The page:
The War on Pessimism


by Paul Gilbert
The Washington Post, October 23, 2001

From the first moments of the attacks on New York and Washington, television provided us with unforgettable images of violence and destruction. Our emotions flooded like ruptured dams, as coverage ran twenty-four hours a day, making it impossible to escape the cycle of shock, anger, grief and fear. We are still recovering from that trauma, which redefined the concept of reality programming.

But as rescue workers dug deep into the rubble, so did TV news. Freed from time, ratings and fiscal restraints, television journalists rose to the occasion. Interspersed with breaking news and expert analysis of the disaster, were a steady stream of stories that spoke to our hearts.

They were stories of courage, kindness and compassion. About ordinary people who became heroes, survivors reunited with co-workers and families, volunteers who couldn't stop giving. People at their best, at the worst of times. The good news was only a trickle compared to the torrent of bad news, but it reaffirmed our humanity in the face of terror.

With war now underway, along with smart bombs and laser-guided missiles, America needs to add another weapon to its arsenal: good news. Network. To maintain our resolve during such an uncertain time, we will need more than billions of taxpayer dollars and overwhelming military resources. We also require the ability to consistently generate renewed spirit and hope.

Some years ago, the inventor of 24-hour news, Ted Turner, proposed a Good News Network. At the time, it wasn’t deemed commercially viable, but now may be the perfect time for Turner to pitch GNN to the board at AOL/Time Warner, CNN's new owners. With the world’s largest-media company eager to boost sagging ratings, and with its substantial news gathering resources already in place, this seems like a good bet.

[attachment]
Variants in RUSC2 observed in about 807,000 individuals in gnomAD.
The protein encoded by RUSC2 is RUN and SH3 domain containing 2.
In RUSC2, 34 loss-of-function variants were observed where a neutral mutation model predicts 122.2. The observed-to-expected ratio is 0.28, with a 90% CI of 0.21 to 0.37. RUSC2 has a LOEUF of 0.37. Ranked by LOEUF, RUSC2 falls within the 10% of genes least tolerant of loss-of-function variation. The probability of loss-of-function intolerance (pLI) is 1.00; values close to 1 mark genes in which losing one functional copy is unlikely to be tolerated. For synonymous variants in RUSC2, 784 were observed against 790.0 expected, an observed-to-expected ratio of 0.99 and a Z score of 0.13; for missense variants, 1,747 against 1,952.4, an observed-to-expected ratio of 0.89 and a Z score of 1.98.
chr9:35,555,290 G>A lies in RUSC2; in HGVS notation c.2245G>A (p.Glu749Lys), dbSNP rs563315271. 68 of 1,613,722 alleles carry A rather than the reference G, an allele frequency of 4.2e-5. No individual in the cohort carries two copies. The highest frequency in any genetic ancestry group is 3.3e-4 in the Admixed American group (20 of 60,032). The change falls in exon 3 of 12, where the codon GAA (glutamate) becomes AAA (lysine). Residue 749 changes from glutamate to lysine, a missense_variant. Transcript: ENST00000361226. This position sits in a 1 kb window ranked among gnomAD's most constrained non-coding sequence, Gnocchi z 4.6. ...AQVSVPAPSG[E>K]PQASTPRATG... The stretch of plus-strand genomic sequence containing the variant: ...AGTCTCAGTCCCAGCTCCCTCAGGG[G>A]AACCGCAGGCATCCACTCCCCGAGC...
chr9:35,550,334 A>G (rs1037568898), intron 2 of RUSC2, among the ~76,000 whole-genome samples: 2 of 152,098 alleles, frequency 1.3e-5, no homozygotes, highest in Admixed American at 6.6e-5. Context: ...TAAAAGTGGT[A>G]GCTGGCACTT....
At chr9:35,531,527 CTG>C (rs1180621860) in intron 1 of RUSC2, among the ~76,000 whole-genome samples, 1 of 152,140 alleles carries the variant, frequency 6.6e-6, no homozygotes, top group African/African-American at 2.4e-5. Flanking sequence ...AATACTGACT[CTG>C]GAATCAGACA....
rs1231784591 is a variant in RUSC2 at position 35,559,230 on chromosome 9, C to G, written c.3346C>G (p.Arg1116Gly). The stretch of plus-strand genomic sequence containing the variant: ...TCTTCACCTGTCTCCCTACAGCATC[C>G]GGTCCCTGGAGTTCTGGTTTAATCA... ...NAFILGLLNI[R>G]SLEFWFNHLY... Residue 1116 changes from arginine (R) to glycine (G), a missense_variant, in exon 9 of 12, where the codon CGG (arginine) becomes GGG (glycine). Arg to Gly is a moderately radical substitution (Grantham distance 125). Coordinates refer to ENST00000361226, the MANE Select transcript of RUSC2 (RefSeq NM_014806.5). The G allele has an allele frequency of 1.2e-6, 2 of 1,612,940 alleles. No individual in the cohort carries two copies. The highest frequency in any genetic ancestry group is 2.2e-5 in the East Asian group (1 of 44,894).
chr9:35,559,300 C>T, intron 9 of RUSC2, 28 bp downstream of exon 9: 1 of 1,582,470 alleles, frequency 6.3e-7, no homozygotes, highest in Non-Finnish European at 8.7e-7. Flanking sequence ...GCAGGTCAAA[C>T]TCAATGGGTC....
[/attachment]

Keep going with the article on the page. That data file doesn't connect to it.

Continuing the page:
Maybe this sounds like some idealistic fantasy, ignoring the realities of the television business. But talk about defying reality, who would have believed six weeks ago, that terrorists using jetliners as bombs, could blow up the World Trade Center or that CBS, NBC and ABC News would be the intended victims of germ warfare? The world has changed, and we need to start thinking outside the box, or in this case, the set.

We face a difficult and complex future, and our basic safety and freedom have been threatened. But that doesn’t mean we should live our lives in fear, simply waiting for the next installment of bad news. We have to learn to keep asking ourselves, "Okay, what’s the good news?"

This crisis has presented us with an opportunity. We can recognize our fundamental need for hope, to help balance out horror, to remind us of our capacity for goodness, as well as evil. In addition to fighting this new war on terrorism, we can also start waging one on pessimism.

Wendi Gilbert